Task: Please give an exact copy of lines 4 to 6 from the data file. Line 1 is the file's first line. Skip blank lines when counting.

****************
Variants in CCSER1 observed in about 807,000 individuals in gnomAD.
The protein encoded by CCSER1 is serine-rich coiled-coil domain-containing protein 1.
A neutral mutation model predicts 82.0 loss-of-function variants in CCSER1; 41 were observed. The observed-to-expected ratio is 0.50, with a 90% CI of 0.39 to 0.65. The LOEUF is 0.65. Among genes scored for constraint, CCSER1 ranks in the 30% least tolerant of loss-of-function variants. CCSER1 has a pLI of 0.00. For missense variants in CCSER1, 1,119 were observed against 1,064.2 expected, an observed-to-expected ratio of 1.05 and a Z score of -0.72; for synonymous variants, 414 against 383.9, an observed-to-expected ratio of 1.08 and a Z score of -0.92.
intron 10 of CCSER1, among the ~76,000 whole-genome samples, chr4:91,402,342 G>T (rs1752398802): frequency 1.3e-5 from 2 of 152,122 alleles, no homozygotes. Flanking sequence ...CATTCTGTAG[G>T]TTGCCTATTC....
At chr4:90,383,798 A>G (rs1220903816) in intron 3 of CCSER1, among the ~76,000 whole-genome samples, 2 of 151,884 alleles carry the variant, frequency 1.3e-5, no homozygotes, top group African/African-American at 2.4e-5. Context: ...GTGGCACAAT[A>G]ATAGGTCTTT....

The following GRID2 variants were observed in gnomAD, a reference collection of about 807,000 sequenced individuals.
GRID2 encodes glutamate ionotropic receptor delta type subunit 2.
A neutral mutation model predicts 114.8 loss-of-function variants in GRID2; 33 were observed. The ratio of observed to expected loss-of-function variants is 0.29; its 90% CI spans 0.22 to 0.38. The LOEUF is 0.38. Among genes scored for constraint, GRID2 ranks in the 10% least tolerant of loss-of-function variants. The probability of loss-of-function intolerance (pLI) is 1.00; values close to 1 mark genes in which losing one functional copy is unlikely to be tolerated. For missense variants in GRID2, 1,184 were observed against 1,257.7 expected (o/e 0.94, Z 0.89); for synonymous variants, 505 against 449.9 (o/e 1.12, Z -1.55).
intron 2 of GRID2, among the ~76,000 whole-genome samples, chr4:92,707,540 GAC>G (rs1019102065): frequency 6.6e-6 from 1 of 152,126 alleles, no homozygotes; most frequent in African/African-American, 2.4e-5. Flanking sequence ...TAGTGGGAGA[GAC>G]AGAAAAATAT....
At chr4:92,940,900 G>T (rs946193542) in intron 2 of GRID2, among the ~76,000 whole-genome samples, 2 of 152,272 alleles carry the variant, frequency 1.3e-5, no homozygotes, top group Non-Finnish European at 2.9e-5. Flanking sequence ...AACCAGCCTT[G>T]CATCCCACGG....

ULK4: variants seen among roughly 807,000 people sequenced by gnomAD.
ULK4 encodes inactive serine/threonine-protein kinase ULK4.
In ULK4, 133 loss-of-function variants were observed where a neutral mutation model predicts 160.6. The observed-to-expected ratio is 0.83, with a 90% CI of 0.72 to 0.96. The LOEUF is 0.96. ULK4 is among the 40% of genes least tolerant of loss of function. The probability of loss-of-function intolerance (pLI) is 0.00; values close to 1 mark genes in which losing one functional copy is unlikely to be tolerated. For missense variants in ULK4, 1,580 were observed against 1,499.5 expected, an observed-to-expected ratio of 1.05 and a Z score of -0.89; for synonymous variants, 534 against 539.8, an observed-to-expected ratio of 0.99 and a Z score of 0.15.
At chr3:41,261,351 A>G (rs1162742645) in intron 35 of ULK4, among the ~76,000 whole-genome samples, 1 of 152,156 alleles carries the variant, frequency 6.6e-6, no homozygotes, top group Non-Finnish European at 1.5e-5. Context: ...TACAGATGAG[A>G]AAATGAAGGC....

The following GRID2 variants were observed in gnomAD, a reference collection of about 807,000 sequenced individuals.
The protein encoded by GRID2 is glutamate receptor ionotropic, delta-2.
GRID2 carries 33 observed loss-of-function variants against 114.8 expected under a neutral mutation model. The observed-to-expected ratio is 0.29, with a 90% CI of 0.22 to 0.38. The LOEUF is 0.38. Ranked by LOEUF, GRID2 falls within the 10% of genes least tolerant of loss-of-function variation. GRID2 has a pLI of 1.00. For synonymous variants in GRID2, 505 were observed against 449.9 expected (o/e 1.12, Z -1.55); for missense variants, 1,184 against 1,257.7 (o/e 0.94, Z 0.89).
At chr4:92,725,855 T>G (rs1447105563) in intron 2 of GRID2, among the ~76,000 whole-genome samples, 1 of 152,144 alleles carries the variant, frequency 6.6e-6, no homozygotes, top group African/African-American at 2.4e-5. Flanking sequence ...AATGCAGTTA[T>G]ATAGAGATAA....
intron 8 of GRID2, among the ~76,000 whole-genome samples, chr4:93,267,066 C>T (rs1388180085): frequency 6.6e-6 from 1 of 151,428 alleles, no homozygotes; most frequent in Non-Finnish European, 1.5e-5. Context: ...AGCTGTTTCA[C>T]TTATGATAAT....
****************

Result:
intron 10 of CCSER1, among the ~76,000 whole-genome samples, chr4:91,402,342 G>T (rs1752398802): frequency 1.3e-5 from 2 of 152,122 alleles, no homozygotes. Flanking sequence ...CATTCTGTAG[G>T]TTGCCTATTC....
At chr4:90,383,798 A>G (rs1220903816) in intron 3 of CCSER1, among the ~76,000 whole-genome samples, 2 of 151,884 alleles carry the variant, frequency 1.3e-5, no homozygotes, top group African/African-American at 2.4e-5. Context: ...GTGGCACAAT[A>G]ATAGGTCTTT....

The following GRID2 variants were observed in gnomAD, a reference collection of about 807,000 sequenced individuals.